I just wanted to quickly mention this movie – it wasn’t my favorite thing I’ve ever seen by any stretch, I only gave it 3.5 stars, but I think this is arguably Denzel’s best ever performance.  Which I know is a huge statement, but he was sensational in this.  This movie hasn’t been getting a lot of publicity or attention in the awards season predictions (though Denzel did just receive a Golden Globe and a SAG nomination, yay!) so I thought it would be worth mentioning.  If you’re someone who appreciates a great performance and wants to see something thought-provoking and nuanced (if occasionally muddled in its execution), this is really worth checking out.


5. Get Out
Director: Jordan Peele
Starring: Daniel Kaluuya, Allison Williams

Get Out is easily the best horror film of the year, which is quite an accomplishment as it wasn’t even particularly scary.  (I mean, I didn’t think it was?  But I also don’t scare easily, so you may want to get someone else’s opinion if you’re not someone who usually enjoys horror.)  But anyway, Get Out is a fun and fearless film that tackles anti-black racism and racial microaggressions head on, while delivering an entertaining and weirdly comedic screenplay and some masterful performances.  I think this film still has 99% on Rotten Tomatoes, which is well deserved.


4. Three Billboards Outside Ebbing, Missouri
Director: Martin McDonagh
Starring: Frances McDormand, Woody Harrelson, Sam Rockwell

This film isn’t perfect, but as someone who’s been a huge Martin McDonagh fan for years, I couldn’t help but to really enjoy delving back into Martin’s signature style.  It’s more of a drama than anything he’s ever done (he is the absolute master of black comedy, and while Three Billboards has more than its fair share of dark comedy, it’s more easily classified as a drama overall).  But the shift in tone works brilliantly, and the story is unique and the performances are superb.  I can’t wait for Sam Rockwell to finally win an Oscar for this.


3. Lady Bird
Director: Greta Gerwig
Starring: Saoirse Ronan

I don’t like teenage coming of age movies, so there is nothing that could have convinced me to go see Lady Bird other than Saoirse Ronan, who I kind of worship.  Thank goodness I did see it, because this is not your average soppy coming of age drama.  Lady Bird is something really special – it’s genuinely moving and #relatable, but it’s also hilarious and unsettling.  It’s kind of your typical ‘you’ll laugh, you’ll cry’ movie, but not in a corny way at all.  I walked out of the theatre wanting to go right back in to watch it again.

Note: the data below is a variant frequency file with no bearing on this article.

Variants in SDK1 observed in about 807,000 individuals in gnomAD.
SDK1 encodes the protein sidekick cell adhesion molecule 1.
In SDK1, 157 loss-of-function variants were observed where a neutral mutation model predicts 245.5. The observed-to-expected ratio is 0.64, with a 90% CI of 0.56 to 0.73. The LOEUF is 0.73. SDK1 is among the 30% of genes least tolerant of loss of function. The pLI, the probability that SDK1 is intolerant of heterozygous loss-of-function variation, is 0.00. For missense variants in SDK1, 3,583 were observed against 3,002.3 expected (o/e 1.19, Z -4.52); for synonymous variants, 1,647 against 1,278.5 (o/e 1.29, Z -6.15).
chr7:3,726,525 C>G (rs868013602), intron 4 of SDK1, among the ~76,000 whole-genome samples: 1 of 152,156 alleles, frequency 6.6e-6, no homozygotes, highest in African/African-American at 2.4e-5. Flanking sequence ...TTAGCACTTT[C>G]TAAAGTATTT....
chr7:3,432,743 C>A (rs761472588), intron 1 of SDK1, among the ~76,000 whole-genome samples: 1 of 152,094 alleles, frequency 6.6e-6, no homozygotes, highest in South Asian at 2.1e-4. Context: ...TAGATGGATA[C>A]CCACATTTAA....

2. The Killing of a Sacred Deer
Director: Yorgos Lanthimos
Starring: Colin Farrell, Barry Keoghan, Nicole Kidman

Like The Lobster, Lanthimos’ second English language film will not work for everyone, but since I have a penchant for all things twisted and macabre, this film kind of rocked my world.  It’s about a surgeon, played by Colin Farrell in what may be his strongest performance to date, who forms a sort of friendship with a teenage boy, played by the phenomenal Barry Keoghan.  From there, things get weird, and dark, and deeply upsetting, and the whole thing plays out like a Greek tragedy – which makes sense, as it’s based on Euripides’ Iphigenia at Aulis.


1. Dunkirk
Director: Christopher Nolan
Starring: Fionn Whitehead, Mark Rylance, Tom Hardy, Harry Styles, Cillian Murphy

I don’t care that this is the most mainstream opinion of all time; I love this movie.  I saw it three times in theatres – see my above note about The Lobster, I do not do this, ever – and to be completely honest, I probably could have gone three more times after that if my more responsible friends hadn’t been like, Rachel, please stop paying to see Dunkirk again, you’re going to go bankrupt.  But anyway, I’m not someone who even particularly enjoys war films (some older ones are okay – I love Apocalypse Now but I’m not a fan of stuff like The Hurt Locker), but Dunkirk just completely transcended the war film genre, for me.  The score and the cinematography and the performances and direction and absolutely everything came together to deliver one of the most genuinely devastating and moving films I have ever seen.  I literally sobbed every time I watched this film, I just got so completely swept away by it.

(A few notable films that came out this year that I still need to see, hence their exclusion from this list: Call Me By Your Name, The Shape of Water, Mudbound, Loving Vincent, The Square, God’s Own Country, Okja… probably many others that I am forgetting.)

What were your favorite films of 2017?  Comment and let me know!

Play Recommendations

As the end of the year draws nearer and people are scrambling to finish their 2017 Goodreads challenges, I thought I’d offer my biggest tip for boosting my reading count when I’m behind: reading plays.  I love theatre, and while the experience of seeing shows live can be incomparable, not everyone has the resources and opportunities to do it regularly.  I find that reading play scripts is actually a pretty underrated way to engage with the material – it can be just as stimulating to watch these scenes unfold in your head just like you’re reading a novel.  And, a huge bonus – they’re short!  I usually read play scripts in one sitting.  So if you’re behind in your reading challenge and you need some ideas, look no further!

51-fmbtiw9l-_sx327_bo1204203200_If you’re interesting in the classics and Greek tragedies, I’d recommend: Oedipus Rex by Sophocles, which is one of my all-time favorites – even if you think you know this story, the tension and heightened tragedy in Sophocles’ play will catch you off guard – or Antigone by Sophocles, The Bacchae by Euripides, Medea by Euripides, or The Oresteia by Aeschylus.  Full list of Greek theatre that I’ve read can be found here.  I’m particularly fond of the translations by Anne Carson (especially if you’re looking for something a bit more modern and experimental) and Robert Fagles, but there are plenty of phenomenal translators out there.